The ends of the center core shaft 38 are similarly mounted for rotation in the paster 22. Specifically, each end of the shafts 38 is supported by a fixed core shaft holder assembly 191 that is mounted on the paster near the inside-facing surfaces of the side walls 24 and 26. Each assembly 191 includes a housing 192 supported on the side wall and located between the side wall and the adjacent guide 178. The assemblies 191 are structurally and functionally similar. Accordingly, only the assembly 191, adjacent the operator side (as shown in FIGS. 7 and 8), will be described in detail, and the same reference numbers will be used for the same components in the assembly 191 (see FIG. 10) mounted on the gear side of the paster.

More specifically, a pair of spaced apart, side-by-side rollers 193 are mounted for rotation in a support bracket 194 in the assembly 191. The axes of the rollers 193 are parallel to each other and to the axes of the center core shafts. Like the rollers 184, the rollers 193 are normally disposed horizontally and are spaced apart sufficiently that the shaft 38 (or at times, the shaft 36) may be supported for rotation therebetween as shown in FIGURE

To assist in assuring that the shaft 38 stays supported on the rollers 193, during the unwinding of the roll 32, a stationary roller 210 is mounted above the shaft 38 and the rollers 193 at each end of the shaft 38. These rollers 210 are mounted for rotation on a flange 212 that is connected with the adjacent side wall.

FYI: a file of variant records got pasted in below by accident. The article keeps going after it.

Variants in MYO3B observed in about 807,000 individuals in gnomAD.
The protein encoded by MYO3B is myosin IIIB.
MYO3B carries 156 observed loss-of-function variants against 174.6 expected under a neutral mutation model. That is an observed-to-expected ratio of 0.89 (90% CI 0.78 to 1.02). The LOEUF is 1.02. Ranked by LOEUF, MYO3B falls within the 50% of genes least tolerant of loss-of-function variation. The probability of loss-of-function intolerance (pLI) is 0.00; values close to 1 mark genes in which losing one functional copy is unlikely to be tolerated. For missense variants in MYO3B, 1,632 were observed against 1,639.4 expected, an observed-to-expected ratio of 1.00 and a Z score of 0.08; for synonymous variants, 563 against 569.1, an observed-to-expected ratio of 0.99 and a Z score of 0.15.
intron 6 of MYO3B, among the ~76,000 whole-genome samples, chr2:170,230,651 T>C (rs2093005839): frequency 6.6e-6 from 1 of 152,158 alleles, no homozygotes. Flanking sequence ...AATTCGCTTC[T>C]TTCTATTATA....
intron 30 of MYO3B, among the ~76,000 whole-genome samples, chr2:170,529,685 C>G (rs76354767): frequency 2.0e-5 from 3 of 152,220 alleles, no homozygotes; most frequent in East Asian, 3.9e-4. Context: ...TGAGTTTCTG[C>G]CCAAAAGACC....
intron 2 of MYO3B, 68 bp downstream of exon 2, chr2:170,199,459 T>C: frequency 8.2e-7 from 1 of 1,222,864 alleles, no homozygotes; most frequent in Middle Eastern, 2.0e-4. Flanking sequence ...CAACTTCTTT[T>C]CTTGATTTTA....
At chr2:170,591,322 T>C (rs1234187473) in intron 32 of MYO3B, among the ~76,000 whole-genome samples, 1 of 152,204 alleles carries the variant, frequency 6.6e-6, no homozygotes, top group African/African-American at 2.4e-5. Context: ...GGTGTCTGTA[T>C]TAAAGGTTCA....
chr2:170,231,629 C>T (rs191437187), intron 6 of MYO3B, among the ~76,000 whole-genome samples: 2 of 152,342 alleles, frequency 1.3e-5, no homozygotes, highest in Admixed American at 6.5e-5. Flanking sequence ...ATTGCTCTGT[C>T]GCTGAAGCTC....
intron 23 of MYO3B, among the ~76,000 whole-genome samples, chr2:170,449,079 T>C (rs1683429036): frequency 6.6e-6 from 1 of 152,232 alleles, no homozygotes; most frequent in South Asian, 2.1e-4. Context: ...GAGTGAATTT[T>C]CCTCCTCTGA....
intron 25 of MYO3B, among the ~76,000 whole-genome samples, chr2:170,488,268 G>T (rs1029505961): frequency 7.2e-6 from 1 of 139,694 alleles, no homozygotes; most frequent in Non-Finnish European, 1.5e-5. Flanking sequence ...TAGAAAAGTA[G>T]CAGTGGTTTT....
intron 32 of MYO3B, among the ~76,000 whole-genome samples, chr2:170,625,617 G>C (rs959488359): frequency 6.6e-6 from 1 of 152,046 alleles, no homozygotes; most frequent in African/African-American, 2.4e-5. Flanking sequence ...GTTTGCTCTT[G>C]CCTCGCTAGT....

The end 195 of the bracket 194, which is adjacent to the entry end 30, is pivotally connected with the housing 192 so that the bracket, and thus the rollers 193, can be moved between their normal horizontal position and a substantially vertical position. As best illustrated in FIGS. 7 and 8, the bracket 194 is supported in its horizontal position by an over-the-center toggle sub-assembly 196. This sub-assembly comprises a first pair of spaced apart members 198 which are connected, at their one ends, with the bracket 194 near its midsection, as viewed in FIG. 7. The other ends of this first pair of members 198 are pivotally connected with the one ends of a second pair of members 202. These second members 202 are, in turn, connected at their other ends with a cross shaft 204. One end of an actuator arm 206 is secured to the shaft 204 adjacent its midpoint. The other end of the arm 206 is connected with the rod end of a conventional double acting fluid cylinder 208 which, in turn, is supported at its other end by the paster 22. The operation of the cylinder 208 is controlled by the paster control circuitry.

A threaded bolt 214 extends through a thread bore in a member 216 that is secured to the side wall. A projecting end of the bolt 14 is disposed adjacent to the joined ends of the first and second members 198 and 202 when they are in their upright positions, as shown in FIGS. 7 and 8, and serves to limit the degree that these joined ends can rotate toward the exit end 34. A threaded nut 218 permits an adjustment of the length of the projecting end of the bolt 214.